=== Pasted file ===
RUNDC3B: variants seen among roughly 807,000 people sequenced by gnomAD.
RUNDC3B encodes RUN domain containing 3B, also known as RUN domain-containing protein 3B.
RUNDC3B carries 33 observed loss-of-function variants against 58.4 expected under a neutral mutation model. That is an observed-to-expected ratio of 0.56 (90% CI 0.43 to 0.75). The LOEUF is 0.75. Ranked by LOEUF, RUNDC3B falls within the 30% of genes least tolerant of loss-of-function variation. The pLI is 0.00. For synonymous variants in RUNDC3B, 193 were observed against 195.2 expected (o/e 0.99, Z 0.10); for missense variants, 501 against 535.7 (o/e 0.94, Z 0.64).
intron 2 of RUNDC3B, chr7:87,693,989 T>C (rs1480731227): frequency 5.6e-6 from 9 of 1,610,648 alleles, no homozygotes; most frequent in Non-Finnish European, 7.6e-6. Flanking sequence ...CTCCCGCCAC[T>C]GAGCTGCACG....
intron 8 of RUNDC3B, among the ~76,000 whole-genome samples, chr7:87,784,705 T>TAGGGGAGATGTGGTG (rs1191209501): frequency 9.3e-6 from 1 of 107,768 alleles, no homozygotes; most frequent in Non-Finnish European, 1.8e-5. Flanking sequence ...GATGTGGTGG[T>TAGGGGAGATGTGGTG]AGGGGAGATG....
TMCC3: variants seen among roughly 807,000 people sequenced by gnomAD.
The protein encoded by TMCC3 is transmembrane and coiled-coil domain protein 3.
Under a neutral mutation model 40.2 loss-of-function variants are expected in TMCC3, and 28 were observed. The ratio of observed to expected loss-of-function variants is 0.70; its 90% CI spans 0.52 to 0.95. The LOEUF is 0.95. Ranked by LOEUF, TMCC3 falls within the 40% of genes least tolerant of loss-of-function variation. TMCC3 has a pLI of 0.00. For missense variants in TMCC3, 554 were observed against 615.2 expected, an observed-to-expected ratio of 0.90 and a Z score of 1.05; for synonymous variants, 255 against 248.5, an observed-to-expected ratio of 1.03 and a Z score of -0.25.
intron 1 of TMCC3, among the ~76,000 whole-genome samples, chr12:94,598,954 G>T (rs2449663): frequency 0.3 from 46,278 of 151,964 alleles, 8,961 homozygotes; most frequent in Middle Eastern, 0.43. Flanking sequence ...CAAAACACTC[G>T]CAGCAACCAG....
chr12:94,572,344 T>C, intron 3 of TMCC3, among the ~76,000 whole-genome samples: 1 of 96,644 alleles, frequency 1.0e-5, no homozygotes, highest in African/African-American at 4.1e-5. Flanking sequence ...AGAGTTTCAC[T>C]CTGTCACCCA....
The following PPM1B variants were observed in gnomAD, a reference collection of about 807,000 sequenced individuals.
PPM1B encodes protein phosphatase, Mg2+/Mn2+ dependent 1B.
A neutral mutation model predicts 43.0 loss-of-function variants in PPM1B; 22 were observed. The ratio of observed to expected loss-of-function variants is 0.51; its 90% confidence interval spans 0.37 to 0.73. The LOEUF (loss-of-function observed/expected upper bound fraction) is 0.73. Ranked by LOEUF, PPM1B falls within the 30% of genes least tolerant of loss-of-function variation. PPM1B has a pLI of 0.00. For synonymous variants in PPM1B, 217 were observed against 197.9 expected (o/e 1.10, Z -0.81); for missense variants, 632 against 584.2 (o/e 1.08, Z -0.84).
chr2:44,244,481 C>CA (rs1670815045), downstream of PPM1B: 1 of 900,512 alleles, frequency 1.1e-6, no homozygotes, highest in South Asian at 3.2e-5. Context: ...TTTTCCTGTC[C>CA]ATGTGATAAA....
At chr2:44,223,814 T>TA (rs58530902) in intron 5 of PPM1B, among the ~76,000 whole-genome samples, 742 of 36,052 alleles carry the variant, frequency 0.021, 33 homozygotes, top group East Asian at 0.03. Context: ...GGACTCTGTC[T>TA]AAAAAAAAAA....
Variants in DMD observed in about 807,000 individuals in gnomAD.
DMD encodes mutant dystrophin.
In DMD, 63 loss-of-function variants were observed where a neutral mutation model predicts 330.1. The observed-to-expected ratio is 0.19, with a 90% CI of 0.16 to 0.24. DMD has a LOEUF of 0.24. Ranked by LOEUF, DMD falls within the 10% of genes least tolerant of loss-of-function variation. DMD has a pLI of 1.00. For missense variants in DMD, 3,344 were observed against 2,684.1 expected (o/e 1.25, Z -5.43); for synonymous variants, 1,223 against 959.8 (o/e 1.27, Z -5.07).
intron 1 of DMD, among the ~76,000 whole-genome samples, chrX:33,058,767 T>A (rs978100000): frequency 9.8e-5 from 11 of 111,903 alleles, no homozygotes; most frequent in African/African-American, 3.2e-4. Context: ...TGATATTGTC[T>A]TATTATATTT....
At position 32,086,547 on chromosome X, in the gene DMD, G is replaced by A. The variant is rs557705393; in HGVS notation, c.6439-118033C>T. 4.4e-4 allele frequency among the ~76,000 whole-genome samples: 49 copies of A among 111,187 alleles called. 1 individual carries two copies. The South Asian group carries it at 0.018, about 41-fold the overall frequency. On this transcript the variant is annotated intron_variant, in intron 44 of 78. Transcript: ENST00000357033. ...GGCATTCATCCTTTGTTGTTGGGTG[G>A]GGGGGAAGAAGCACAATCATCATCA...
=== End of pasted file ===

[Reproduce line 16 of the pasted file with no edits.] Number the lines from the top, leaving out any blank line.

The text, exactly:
Variants in DMD observed in about 807,000 individuals in gnomAD.